Size and fit

The Puma Suede Deco delivers a regular fit as its originator. This low-top sneaker is available in men’s sizing that ranges from size 7 US to size 14 US. It also includes the half sizes, and the shoe is in medium width.

Puma Suede Deco Style

A simple design that delivers a timeless appeal and a contemporary appearance, the Puma Suede Deco shoes bring out the stylish and creative abilities of the wearer. This low-top sneaker also offers the wearer the opportunity to take a bold move with colors as it displays a notable set of colorways. With its classic design, the Puma Suede Deco complements various outfit combinations and suits well in multiple occasions.

Notable Features

A vintage styling that comes in colorful presentation, the striking colorways of the Puma Suede Deco sneakers make an impression along with the preservation of its originator’s classic design. The suede upper construction of the shoe conveys a clean appeal which is accented well with the signature Puma 360° stitching detail on its ribbed toe bumper.

Puma Suede Deco History

Puma has been in the footwear industry for decades and has built a solid reputation for itself. Some of its silhouettes have created and marked their own identity of being one of the iconic and classic sneakers in the industry.

The Puma Suede Classic has made quite a name for itself, earning a right amount of respect from many and has been a significant image in different subcultures. It has been reimagined in various ways as it blends in with the trend with its timeless appeal. The Puma Suede Deco, Puma Suede Classic Pincord, Puma Suede Classic X-Hollows, and Puma Suede Classic Badge Flip are to name a few of its variations. The silhouette also isn’t a stranger when it comes to collaborations as it has also witnessed some notable collaborative releases.

But what was the story behind this iconic silhouette and how did this come to be?

It was in the year 1968 that the Puma Suede first saw the light of day. The shoe also broke loose with the typical canvas and leather-based structure. It eventually became a favorite by many in both the sports and fashion category.

In the Olympics, the classic shoe also made an impression and held its own part in its historical events. When the two shoeless athletes, Tommie Smith, and John Carlos, received their medals, the Puma Suede stood next to them. During the American national anthem, the two athletes did the now signified “1968 Olympic Black Power Salute.”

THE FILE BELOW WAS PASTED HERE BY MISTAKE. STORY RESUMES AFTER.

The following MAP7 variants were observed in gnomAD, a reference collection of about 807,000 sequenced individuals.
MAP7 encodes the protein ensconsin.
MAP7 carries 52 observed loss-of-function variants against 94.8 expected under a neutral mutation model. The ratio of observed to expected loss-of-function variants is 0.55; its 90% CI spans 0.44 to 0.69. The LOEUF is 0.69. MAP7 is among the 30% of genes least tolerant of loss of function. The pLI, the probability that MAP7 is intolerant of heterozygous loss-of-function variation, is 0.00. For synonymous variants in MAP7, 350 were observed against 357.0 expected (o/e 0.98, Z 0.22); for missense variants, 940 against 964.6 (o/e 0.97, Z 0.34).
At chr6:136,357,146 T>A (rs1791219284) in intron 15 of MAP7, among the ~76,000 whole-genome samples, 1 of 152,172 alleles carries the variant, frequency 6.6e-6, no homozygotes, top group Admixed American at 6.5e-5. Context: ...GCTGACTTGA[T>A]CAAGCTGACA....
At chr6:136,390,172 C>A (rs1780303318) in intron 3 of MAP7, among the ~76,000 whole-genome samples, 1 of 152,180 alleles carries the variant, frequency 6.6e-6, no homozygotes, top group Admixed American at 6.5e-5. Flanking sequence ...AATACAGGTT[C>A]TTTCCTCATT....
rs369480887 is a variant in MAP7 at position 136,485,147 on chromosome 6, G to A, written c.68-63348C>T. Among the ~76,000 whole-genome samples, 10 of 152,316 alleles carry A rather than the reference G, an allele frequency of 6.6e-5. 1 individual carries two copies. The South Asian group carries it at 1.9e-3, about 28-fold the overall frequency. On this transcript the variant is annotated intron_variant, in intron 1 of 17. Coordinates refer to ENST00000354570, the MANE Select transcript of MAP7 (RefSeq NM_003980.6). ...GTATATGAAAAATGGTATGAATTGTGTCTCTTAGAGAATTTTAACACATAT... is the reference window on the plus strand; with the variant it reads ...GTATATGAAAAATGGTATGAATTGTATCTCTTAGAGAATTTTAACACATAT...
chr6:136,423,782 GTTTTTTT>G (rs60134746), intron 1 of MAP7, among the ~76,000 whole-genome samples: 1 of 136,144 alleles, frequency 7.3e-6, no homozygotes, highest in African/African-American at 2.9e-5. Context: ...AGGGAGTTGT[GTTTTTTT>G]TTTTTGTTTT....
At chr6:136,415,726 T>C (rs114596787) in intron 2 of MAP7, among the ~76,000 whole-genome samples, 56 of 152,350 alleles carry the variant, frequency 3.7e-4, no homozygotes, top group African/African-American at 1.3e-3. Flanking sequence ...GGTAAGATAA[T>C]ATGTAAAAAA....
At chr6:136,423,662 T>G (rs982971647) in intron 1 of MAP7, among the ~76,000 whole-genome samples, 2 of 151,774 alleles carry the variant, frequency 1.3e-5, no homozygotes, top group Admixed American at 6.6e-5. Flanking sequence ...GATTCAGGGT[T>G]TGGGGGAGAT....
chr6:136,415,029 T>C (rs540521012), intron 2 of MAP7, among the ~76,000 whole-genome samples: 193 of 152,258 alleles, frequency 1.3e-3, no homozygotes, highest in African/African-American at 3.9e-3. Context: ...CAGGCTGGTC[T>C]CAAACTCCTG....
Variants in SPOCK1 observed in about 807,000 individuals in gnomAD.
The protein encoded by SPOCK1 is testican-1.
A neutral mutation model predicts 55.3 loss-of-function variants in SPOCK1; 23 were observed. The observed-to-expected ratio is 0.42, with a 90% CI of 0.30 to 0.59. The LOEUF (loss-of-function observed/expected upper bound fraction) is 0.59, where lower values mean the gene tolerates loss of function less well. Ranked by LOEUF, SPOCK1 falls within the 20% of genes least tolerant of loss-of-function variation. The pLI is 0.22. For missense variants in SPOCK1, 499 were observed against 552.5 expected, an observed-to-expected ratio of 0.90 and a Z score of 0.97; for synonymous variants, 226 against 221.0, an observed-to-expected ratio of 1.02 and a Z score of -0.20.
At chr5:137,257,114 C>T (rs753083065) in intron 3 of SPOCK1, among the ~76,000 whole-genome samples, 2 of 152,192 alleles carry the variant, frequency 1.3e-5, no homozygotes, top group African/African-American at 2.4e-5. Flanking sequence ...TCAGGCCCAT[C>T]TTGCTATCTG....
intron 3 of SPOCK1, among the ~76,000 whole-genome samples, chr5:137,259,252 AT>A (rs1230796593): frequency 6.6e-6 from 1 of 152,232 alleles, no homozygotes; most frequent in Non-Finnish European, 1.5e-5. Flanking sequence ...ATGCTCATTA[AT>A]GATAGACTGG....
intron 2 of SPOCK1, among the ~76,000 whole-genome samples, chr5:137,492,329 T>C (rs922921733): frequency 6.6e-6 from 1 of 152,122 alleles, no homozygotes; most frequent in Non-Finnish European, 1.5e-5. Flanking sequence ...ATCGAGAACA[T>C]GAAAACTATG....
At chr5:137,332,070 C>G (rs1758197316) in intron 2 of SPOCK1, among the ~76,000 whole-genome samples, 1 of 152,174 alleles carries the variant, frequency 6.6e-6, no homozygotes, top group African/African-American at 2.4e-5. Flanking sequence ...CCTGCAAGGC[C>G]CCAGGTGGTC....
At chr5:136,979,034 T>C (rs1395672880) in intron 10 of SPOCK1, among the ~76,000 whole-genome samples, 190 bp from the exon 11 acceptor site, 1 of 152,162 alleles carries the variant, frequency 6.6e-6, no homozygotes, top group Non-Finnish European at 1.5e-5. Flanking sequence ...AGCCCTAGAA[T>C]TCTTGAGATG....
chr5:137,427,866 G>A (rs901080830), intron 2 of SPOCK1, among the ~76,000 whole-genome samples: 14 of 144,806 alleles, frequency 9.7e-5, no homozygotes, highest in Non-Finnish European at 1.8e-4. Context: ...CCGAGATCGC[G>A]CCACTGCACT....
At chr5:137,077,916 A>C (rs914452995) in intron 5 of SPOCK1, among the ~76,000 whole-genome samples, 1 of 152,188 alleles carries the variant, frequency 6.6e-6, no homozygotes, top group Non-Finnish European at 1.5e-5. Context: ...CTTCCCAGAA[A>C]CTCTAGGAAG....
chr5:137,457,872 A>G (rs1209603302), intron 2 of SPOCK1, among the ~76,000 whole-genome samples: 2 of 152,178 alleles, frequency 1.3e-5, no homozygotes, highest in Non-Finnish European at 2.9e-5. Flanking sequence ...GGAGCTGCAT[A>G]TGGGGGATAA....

Clyde Frazier, who was a basketball legend, did some endorsing for the sneaker in 1973 which then lead to the introduction of the Puma Clyde which is now one of the most popular variations of the silhouette. The release of the shoe model also brought Clyde to be recognized as the first basketball player to have a shoe named after him.

Adapting well in the breakdancing and hip-hop culture in the 1980s, the Puma Suede managed to stretch its influence in the said sub-cultures up until the 1990s and the 2000s. Many artists, musicians, and celebrities took notice of the shoe and had it as one of their favorites.

Up to the present, Puma continues to offer the Puma Suede silhouette in many forms of variations which does not forget to pay homage to its predecessor.

Additional Info

  • The Puma Suede Deco is built with a foam-padded collar and tongue.
  • A textile lining can be observed in the shoe.
  • This low-top sneaker features a cushioned sock liner that gives off comfort and increased cushioning.
  • A rubber midsole can be seen on the sneaker which delivers a good amount of cushioning and offers an excellent ride.
  • A single size 11 in medium width of the Puma Suede Deco weighs approximately 14 oz.


How Puma Suede Deco ranks compared to all other shoes
Top 17% sneakers
All sneakers
Top 16% Puma sneakers
All Puma sneakers
Top 16% low sneakers
All low sneakers


The current trend of Puma Suede Deco.
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Danny McLoughlin
Danny McLoughlin

Danny is a sports nut with a particular interest in football and running. He loves to watch sports as much as he loves to play. Danny was lead researcher on RunRepeat and The PFA’s report into Racial Bias in Football Commentary. His football and running research has been featured in The Guardian, BBC, New York Times and Washington Post.